From June 16th to the 22nd, over 900 demos of unreleased, in-development titles on Steam became available to download and play. Developers have come from sixty-five different countries and have ranged from new developers to seasoned alike. Sadly, the festival has come to an end (although some demos are still attainable). Here, we present to you what we at Boiling Steam have played during the festival. In case you’re wondering why we didn’t make an announcement in the first place, we were too busy writing other articles. We’d love to hear what you played too and what your thoughts were on it!
Featuring a homemade, proprietary engine developed on Linux that’s had on-and-off work for nearly twenty years now, DRAG is quite possibly one of the most realistic racing titles I’ve ever played. In other words, it’s the most difficult-to-handle. All the demo offered is a brief thirty-second challenge to reach the finish line as quickly as possible, with one vehicle.
Even though that’s it, I spent an hour-and-a-half trying to shave as many milliseconds as I could, retrying the challenge as soon as I hit something or my drag (heh, get it?) wasn’t good enough. By the end of my playthough I barely reached silver ranking. I was ranked in the top 500 out of the some 2,000 participants who were competing for the best time. I’d really like to know the top ten’s techniques. They did, as a matter of fact, receive a free copy of the game for the clear time.
Be very careful about your use of the acceleration, braking, and handbraking. Steer too far left or too far right, your car will easily lose balance and you will lose precious seconds off the clock trying to get back on track. Hold the handbrake too long, the car will spin into a donut. Drive up a small hill too fast, you’ll likely hit the barrier along the out-of-bounds area of the track, forcing you to restart. Crashing into a wall will potentially cause one of the tires to fall off — have fun trying to reach the finish line! Probably the most realistic driving simulator you’ll ever play!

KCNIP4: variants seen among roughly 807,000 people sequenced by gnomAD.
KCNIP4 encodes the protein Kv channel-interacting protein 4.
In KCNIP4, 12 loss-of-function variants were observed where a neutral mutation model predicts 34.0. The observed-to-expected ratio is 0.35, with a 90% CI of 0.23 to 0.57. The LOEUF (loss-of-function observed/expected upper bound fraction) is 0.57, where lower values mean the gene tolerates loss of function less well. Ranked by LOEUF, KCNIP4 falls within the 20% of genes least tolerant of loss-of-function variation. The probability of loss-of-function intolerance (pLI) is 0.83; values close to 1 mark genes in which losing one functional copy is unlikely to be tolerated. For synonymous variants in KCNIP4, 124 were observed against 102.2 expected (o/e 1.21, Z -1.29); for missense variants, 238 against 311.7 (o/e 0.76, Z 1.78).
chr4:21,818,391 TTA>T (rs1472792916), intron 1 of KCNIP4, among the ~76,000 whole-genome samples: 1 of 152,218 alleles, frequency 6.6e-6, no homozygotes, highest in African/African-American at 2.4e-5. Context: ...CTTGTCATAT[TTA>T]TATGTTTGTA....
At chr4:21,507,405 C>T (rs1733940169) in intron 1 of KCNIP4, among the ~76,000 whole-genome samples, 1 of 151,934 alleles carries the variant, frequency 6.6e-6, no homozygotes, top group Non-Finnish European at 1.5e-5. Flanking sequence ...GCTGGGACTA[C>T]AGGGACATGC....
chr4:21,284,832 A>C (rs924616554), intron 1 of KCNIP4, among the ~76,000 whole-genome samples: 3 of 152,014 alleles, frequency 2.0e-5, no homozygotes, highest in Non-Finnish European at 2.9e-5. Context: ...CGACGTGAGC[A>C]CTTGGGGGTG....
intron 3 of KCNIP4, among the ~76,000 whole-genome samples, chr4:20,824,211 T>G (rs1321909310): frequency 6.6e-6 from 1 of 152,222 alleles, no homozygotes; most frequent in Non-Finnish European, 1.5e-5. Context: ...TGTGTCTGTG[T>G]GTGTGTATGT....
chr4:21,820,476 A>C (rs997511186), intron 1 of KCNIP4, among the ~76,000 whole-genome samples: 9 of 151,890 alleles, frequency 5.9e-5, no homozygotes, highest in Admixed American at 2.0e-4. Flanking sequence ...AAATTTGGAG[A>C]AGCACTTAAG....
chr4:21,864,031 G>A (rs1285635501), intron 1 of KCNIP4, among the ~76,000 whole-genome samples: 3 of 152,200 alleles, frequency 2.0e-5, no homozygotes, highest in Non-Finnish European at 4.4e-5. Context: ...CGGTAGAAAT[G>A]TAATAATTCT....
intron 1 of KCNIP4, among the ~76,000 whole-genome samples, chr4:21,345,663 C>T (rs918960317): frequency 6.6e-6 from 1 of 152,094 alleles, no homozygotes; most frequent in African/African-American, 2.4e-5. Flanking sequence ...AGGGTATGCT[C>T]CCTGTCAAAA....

The graphics are pretty good for only two brothers that are working on the game, and the gameplay was buttery smooth at 60 FPS. I found it neat that when the car drives over a puddle, the HUD gets a few drops of water to reflect the driver’s cockpit. I just wonder what the “84” number indicates on the back of the car.
For the brief thirty seconds you’re on this one track in the demo, the track looks a bit forest-y. The main road is a dirt path; everything else covered in grass. Thousands of trees scatter about. A few exotic plants here and there. About ten seconds in, you’ll see a mountain in the background. It doesn’t look bad for a demo.
DRAG is slated for early access release on Steam sometime this summer.
Probably my favorite out of DRAG, this game, and SkateBIRD. Honestly can’t remember how I heard about this game, but the trailer made it look really fun.
It plays similar to Gang Beasts. Play as a cat, dog, duck, dinosaur, shark, or a bunny, then knock your opponents out by beating them to death with your character’s fists, head, or feet. Grab them and drop them out of the arena to eliminate them. Last animal standing wins. Alternatively, play in a gummy bear factory where teams are made and split in two. Grab the gummy bear that’s in the middle of the map, or one of the gum drops, bring it to your base, then open the hatch to score points. The team with the most points at the end of the round wins.
Weapons will occasionally spawn, allowing you to use a nunchuk, tennis racket, magic wand, or a crossbow. These weapons are ridiculously overpowered, easily knocking your opponents out with one swing or one arrow.
While not quite as funny as Gang Beasts, I feel this game is a bit more fleshed out with the design of the levels, the gamemodes, the inclusion of weapons, and additional controls, such as being able to roll while sprinting. And even though the demo was only for Windows, it worked flawlessly on Proton, including gamepad support and online multiplayer.
It’s been a long time since we had a decent Tony Hawk game. SkateBIRD somewhat fills that gap in. As the title of the game might suggest, you’re in control of a bird that skates with a skateboard. The level is someone’s office filled with half-pipes, benches for grinding, and staples.
Controls are a bit different: instead of holding A or Cross to crouch and speed up, the bird moves by holding up on the analog stick. The bird has only one grab trick: poking its beak underneath the skateboard.
It’s been a pretty buggy experience so far. Combos could go on indefinitely: you could keep doing a lip trick by holding Triangle and the bird will never bail. You could also grind, jump, do a flip trick, start grinding again, and the grind balance will reset itself every time. It’s not all bad though. I’ve been craving a skateboarding game for a while, and this might fit the bill.
The Kickstarter mentions Windows, Mac, and Linux support. The demo works across all three platforms as well. The full game is expected to launch sometime next year.
That’s all the games we’ve played. With 900 games, it would be tough to give them all a chance with less than a week to try them.
What did you play? What did you enjoy? I look forward to your comments.